USA (MNN) — Eight people are now dead and two million are without power as Hurricane Irene churns up the coast of the eastern United States.
More than 60 million Americans are in the path of the storm.
According to reports, the deaths reported so far included victims of car accidents and falling
tree limbs. One fatality was heart-related. The man died boarding up his house
in North Carolina. High winds, tornados, falling trees, and other weather-related issues have caused many injuries in Virginia, North Carolina, West Virginia, New Jersey, and Delaware.
Defense Secretary Leon Panetta told 6,500 troops from all branches
of the military to get ready to help with relief work, and President
Barack Obama visited the Federal Emergency Management Agency's
command center in Washington and offered moral support.
"It's going to be a long 72 hours," he said, "and obviously a lot of families are going to be affected."
Mission Network News is monitoring the situation and will be covering the impact and the response of evangelical Christians. Many groups are waiting for the storm to blow through before they make commitments to help.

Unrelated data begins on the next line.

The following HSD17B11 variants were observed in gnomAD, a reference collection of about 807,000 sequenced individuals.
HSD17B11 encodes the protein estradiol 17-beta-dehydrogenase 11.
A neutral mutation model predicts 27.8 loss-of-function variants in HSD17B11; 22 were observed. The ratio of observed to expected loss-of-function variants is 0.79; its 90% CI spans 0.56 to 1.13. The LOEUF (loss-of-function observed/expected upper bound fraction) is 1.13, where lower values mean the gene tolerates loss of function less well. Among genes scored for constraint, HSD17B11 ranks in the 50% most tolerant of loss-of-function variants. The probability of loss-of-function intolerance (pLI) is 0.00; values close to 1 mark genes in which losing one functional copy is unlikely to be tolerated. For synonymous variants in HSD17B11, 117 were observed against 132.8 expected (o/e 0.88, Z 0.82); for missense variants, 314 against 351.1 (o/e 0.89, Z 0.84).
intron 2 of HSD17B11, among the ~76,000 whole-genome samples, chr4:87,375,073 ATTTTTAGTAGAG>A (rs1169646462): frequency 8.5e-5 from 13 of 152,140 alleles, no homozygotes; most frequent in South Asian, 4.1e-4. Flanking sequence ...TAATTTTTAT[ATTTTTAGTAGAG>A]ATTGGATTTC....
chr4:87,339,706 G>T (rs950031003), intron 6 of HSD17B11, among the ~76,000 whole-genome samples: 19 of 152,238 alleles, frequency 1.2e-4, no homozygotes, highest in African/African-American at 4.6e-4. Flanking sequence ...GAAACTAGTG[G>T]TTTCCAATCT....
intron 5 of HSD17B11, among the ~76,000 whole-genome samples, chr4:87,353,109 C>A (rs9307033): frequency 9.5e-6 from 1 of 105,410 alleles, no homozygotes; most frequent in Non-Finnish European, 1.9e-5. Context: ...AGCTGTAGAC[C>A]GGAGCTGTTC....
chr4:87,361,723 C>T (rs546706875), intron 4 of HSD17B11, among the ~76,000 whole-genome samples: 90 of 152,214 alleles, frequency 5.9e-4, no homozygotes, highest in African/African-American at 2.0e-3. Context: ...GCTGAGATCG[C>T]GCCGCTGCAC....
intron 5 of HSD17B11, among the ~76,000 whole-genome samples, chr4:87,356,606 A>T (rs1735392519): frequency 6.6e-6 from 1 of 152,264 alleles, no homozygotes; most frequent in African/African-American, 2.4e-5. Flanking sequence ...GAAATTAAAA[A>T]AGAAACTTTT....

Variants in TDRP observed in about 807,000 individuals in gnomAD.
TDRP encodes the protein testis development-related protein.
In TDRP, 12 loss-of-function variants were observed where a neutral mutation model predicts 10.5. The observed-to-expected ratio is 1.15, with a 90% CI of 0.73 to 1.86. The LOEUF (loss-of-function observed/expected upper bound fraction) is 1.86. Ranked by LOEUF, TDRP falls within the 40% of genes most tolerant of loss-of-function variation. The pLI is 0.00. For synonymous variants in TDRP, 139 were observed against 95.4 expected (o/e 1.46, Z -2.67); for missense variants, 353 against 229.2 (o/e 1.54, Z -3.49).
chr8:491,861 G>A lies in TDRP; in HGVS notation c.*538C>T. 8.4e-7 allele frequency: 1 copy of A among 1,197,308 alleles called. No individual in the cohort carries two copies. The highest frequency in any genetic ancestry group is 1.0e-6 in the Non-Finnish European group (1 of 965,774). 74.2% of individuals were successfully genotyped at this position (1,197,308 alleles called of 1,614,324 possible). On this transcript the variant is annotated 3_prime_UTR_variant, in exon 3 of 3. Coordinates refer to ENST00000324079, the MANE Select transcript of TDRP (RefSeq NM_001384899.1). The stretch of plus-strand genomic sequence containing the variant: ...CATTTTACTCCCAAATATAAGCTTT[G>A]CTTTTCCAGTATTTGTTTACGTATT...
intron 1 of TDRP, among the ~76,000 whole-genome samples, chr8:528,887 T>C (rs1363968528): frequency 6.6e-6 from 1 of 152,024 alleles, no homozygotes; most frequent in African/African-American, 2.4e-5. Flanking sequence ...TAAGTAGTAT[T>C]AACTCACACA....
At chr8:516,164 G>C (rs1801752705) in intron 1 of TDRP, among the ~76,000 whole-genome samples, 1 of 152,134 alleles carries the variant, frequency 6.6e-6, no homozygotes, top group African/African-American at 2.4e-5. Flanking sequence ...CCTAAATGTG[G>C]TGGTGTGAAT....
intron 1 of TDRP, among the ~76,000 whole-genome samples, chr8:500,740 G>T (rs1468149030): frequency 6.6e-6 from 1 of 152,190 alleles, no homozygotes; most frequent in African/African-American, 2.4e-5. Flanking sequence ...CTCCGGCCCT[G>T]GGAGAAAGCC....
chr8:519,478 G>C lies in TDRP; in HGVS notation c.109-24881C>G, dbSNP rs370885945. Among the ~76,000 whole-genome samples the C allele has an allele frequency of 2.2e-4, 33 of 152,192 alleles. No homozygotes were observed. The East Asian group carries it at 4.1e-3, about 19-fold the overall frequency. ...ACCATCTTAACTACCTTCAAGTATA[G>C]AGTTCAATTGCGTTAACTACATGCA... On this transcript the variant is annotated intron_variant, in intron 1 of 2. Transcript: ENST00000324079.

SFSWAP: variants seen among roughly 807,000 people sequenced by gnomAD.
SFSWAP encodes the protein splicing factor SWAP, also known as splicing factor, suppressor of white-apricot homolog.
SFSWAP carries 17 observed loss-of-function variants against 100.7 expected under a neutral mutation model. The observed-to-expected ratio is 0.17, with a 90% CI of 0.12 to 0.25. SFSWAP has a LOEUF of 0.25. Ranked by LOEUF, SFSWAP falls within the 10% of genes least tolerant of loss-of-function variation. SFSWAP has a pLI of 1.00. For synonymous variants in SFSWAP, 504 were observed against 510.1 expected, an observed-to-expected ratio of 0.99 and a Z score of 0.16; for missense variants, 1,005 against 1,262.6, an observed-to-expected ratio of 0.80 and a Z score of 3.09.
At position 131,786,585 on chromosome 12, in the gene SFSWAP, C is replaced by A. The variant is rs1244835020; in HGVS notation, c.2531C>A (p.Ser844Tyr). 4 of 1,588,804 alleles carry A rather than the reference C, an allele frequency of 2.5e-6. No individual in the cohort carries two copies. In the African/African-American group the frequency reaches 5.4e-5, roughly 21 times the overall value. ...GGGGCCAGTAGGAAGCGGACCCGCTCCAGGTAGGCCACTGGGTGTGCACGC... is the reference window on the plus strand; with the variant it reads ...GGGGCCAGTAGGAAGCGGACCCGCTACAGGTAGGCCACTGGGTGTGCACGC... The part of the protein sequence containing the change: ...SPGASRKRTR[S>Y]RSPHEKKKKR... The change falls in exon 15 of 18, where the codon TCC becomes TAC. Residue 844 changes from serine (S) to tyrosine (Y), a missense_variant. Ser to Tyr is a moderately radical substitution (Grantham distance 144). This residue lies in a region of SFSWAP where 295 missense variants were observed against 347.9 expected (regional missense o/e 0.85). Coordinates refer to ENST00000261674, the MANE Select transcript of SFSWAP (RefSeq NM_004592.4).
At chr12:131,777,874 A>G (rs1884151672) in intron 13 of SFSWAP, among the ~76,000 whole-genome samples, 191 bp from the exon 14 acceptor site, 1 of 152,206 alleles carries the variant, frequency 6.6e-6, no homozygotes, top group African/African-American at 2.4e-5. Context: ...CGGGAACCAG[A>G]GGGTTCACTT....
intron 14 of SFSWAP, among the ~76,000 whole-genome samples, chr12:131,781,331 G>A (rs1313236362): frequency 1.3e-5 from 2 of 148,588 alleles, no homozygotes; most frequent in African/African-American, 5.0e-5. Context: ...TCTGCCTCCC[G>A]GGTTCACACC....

We'll be connecting with the Salvation Army, EFCA emergency response, and friends in our network up and down the coast to provide you unique coverage of the storm.
According to reports, New York became a city without one of its trademarks — the nation’s largest subway system. Why? The city shut it down Saturday as Hurricane Irene headed toward the city. The impact of the wind and storm surge is uncertain.
Samaritan's Purse teams are on their way to eastern Carolina to help with the relief efforts, while sharing the Gospel at the same time. “Samaritan's Purse responds to disasters all over the world, and we are just as ready to help our neighbors here at home,” Samaritan's Purse President Franklin Graham said. “We want to come alongside storm victims, help them recover, and remind them that they are not alone.”
Check back with MNNonline.org regularly as we provide coverage throughout the weekend and as damage assessments begin.